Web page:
As if three-inch teeth don't sound deadly enough, at least one dinosaur may have delivered poison through those chompers. Two paleontologists examining the fossil remains of the Sinornithosaurus, a turkey-size cousin of the velociraptor, noticed it had grooved teeth, much like those on venomous lizards or snakes. Upon closer inspection, they found a cavity in the jawbone that may have held a venom gland, and a channel running from there to ducts near the teeth.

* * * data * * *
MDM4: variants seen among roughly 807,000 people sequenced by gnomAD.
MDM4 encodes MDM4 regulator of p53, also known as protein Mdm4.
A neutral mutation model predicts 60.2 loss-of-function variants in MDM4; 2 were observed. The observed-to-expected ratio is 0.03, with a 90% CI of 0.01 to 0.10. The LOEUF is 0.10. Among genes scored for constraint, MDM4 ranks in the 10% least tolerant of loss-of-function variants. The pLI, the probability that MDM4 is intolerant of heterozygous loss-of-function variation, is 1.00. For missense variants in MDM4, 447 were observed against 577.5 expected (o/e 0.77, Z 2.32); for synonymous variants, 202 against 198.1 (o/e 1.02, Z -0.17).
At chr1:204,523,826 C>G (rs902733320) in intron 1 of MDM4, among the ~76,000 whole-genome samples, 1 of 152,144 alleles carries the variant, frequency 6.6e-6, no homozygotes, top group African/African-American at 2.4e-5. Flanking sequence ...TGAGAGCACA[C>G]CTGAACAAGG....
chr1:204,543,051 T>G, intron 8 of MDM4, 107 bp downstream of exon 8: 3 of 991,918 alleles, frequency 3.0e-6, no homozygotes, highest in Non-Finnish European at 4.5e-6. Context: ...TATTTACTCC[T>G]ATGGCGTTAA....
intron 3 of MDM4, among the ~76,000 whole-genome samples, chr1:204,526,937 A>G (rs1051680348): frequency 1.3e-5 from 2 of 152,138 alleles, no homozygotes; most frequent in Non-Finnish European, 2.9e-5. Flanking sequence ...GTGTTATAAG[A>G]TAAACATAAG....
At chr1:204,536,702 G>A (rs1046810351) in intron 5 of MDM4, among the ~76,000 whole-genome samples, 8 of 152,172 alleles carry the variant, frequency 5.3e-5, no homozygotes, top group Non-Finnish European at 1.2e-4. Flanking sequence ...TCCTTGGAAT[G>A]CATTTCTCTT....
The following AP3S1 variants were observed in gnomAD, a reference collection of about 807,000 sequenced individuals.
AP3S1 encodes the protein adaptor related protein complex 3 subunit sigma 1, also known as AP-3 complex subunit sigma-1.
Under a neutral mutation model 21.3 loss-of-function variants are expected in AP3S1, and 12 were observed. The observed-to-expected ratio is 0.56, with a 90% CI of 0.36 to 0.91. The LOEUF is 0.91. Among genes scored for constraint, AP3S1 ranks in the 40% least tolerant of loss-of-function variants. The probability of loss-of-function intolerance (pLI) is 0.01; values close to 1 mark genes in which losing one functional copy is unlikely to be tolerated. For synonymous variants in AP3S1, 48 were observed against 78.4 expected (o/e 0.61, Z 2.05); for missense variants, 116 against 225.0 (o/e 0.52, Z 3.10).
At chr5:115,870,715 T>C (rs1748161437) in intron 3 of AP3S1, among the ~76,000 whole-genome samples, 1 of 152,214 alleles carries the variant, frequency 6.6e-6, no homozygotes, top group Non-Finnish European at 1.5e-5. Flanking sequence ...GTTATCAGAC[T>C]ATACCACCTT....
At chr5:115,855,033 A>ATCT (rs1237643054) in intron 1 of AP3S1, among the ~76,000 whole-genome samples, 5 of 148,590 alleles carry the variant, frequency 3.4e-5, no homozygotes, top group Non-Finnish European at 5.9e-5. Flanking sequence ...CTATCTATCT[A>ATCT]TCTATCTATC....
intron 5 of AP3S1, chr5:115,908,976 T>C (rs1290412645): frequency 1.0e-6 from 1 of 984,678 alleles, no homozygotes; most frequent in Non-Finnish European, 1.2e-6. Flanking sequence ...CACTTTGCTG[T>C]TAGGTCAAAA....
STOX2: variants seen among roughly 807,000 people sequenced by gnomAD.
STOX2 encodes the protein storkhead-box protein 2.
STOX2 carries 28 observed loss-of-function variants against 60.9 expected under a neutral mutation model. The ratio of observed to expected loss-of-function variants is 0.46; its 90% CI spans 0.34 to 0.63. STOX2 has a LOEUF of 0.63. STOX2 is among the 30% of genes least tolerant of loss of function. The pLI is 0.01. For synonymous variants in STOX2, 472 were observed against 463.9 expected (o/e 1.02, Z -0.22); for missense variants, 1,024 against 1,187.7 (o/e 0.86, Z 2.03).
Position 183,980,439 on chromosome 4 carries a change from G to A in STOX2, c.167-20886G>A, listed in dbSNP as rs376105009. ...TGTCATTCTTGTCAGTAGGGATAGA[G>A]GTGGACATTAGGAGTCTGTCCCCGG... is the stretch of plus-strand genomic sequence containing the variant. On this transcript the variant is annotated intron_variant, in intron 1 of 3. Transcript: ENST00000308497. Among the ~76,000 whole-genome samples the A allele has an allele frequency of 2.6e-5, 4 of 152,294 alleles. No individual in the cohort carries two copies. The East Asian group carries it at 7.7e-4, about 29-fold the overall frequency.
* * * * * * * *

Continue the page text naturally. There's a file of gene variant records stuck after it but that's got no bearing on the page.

The Sinornithosaurus likely hunted bigger creatures, chewing the poison into their flesh, they speculate. “They grab onto you and they don’t let go,” one of the paleontologists tells NPR. “They just get a vise grip on your hand or whatever and that's enough to get the venom in.” He also says he’s found more fossils with grooved teeth, and thinks other dinosaurs could have similar adaptations. But some skeptics say the features can be interpreted in other, less exciting ways.